full name / name of organization:
A Graduate Student Conference in the Department of Film and Media Studies
University of California, Santa Barbara
April 6-7, 2007
Keynote Speaker: Anna McCarthy, Associate Professor of Cinema Studies, New
York University; author of Ambient Television: Visual Culture and Public
Space; coeditor of Media/Space: Place, Scale and Culture in a Media Age.
Roundtable Respondents: Edward Branigan; Constance Penley; Bhaskar Sarkar;
and Greg Siegel; Department of Film and Media Studies, UCSB.
The contours of media study are increasingly understood in environmental
terms. This "spatial turn" recasts our ideas about the ways in which we
encounter media objects, spaces and vectors. It is in the cross-sections of
space and epistemology that we are articulating the conceptual catalyst of
the "media field" and convening our conference. Media fields bring into
contact explorations of material spaces, unseen and transmitted
atmospherics, and the languages and knowledges through which they are
imagined, traversed, and constituted. Fields may be open grounds, areas on
which games are played, bodies are screened, and militaries operate; fields
include vast expanses of concrete, electricity, waste, or oil. Fields are
breeding grounds and graveyards, public and private; they are represented
and replayed in bars, airplanes, and memories. Media fields comprise
multi-sensory and synaesthetic ways of knowing. Fields of media are
residual, anachronistic, or embedded in cultural products and histories. Th=
stuff of everyday life=97garbage dumps, exhibitions, urban spaces, archives=
political campaigns, battlefields, and daydreams=97are also fields of force=
where media are built, broadcast and worked through.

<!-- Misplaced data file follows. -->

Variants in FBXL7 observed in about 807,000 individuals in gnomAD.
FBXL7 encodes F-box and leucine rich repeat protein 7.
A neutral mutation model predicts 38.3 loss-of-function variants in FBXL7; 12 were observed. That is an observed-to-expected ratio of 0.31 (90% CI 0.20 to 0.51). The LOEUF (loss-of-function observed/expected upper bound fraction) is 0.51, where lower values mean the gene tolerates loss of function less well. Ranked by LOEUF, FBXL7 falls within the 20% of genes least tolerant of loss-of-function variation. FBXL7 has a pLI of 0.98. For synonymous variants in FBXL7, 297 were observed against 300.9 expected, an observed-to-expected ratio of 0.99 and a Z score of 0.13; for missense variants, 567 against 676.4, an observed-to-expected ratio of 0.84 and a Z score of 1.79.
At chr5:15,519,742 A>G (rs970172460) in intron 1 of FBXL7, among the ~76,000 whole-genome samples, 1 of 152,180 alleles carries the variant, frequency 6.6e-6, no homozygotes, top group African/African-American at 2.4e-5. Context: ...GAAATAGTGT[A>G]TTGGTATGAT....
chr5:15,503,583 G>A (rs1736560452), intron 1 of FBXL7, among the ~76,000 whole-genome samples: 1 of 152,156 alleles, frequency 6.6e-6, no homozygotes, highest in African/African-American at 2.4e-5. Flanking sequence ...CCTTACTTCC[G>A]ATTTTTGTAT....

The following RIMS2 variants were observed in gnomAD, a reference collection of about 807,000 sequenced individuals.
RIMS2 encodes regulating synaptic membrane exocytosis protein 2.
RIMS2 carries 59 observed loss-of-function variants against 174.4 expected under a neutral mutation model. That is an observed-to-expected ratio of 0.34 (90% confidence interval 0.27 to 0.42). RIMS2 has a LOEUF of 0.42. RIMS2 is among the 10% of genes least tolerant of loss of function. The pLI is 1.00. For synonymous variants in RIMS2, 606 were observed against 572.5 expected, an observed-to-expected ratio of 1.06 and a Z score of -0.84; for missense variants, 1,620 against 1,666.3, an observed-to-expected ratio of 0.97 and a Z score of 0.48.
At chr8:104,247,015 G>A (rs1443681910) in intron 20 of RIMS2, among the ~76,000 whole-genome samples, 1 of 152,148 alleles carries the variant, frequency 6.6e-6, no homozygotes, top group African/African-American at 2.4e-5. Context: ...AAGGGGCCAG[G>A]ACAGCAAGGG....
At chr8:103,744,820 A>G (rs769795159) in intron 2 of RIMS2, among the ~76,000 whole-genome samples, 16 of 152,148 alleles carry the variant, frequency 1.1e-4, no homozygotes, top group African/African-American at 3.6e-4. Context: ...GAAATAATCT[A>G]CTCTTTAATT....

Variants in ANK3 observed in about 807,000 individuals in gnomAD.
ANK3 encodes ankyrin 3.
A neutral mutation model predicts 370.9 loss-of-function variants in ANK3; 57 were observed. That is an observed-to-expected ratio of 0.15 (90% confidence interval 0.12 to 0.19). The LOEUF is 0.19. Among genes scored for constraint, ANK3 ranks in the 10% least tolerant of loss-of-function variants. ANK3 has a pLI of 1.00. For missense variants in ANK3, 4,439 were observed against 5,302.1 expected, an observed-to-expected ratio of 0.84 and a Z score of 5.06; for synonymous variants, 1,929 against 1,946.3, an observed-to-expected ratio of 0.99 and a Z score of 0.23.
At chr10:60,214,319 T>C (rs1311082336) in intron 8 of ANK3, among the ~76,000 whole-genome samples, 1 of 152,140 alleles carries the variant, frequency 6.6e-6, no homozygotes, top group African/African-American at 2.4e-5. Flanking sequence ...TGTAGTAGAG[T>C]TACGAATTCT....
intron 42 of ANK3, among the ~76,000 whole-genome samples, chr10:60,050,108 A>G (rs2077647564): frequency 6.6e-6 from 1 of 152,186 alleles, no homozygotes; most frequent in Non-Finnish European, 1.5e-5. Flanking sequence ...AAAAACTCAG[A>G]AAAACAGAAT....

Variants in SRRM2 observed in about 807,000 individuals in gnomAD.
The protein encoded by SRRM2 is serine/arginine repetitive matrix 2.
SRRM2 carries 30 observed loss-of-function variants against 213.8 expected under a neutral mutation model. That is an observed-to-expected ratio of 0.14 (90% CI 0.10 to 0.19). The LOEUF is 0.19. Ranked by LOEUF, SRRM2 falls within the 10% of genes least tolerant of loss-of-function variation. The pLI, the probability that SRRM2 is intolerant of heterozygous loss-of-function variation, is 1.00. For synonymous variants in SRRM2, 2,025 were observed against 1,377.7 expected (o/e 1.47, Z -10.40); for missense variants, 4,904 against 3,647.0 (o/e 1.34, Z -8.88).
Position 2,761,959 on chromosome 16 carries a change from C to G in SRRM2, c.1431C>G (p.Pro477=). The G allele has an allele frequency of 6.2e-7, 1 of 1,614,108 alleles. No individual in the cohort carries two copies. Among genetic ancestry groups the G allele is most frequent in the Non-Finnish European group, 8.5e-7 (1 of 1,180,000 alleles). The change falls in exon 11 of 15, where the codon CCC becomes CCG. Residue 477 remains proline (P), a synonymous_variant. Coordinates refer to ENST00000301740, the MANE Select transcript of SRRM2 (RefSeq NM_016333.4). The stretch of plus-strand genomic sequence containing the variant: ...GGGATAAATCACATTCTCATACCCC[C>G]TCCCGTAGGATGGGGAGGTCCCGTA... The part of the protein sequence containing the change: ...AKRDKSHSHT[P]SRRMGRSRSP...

The scope of this conference is interdisciplinary, though we are especially
interested in works that reflects upon Media Studies itself as a dynamic
field of study. We also invite artistic projects for exhibition. You might
consider the following questions:
--How do we sense, experience or know media fields or constellations? How
might sounds, textures, temperatures, vibrations, odors, tastes, and
densities inform our understanding of disparate sites, from video games to
the Olympic Games?
--How does site-specific fieldwork lead to different kinds of knowledge
about film or media, spaces, and their histories? What are the stakes of
such shifts? What becomes of the text in the field?
--How might attention to residue, disjuncture and media sedimentation infor=
media historiography, policy, or activism?
--How are media flows not only smooth, transnational, and democratic but
made viscous by uneven access to wireless zones, copyright regulations,
surveillance, waste and pollution, electronic warfare, and everyday
malfunctions that characterize mechanically reproduced media objects and
--How are places of leisure, commerce, intimacy, law, and study co-impacted=
reinvented or elided by media?
--How do film and media artists, theorists, and policy-makers evoke fields?
--How might the concept of the "field" generate interdisciplinary discussio=
of media spaces and epistemologies?
Please submit abstracts or project descriptions of 300 words or less to
We encourage you to provide biographical information about yourself along
with your abstract.
Deadline for submission: December 18th 2006.
From the Literary Calls for Papers Mailing List
Full Information at
or write Jennifer Higginbotham: higginbj_at_english.upenn.edu
Received on Wed Nov 08 2006 - 19:42:03 EST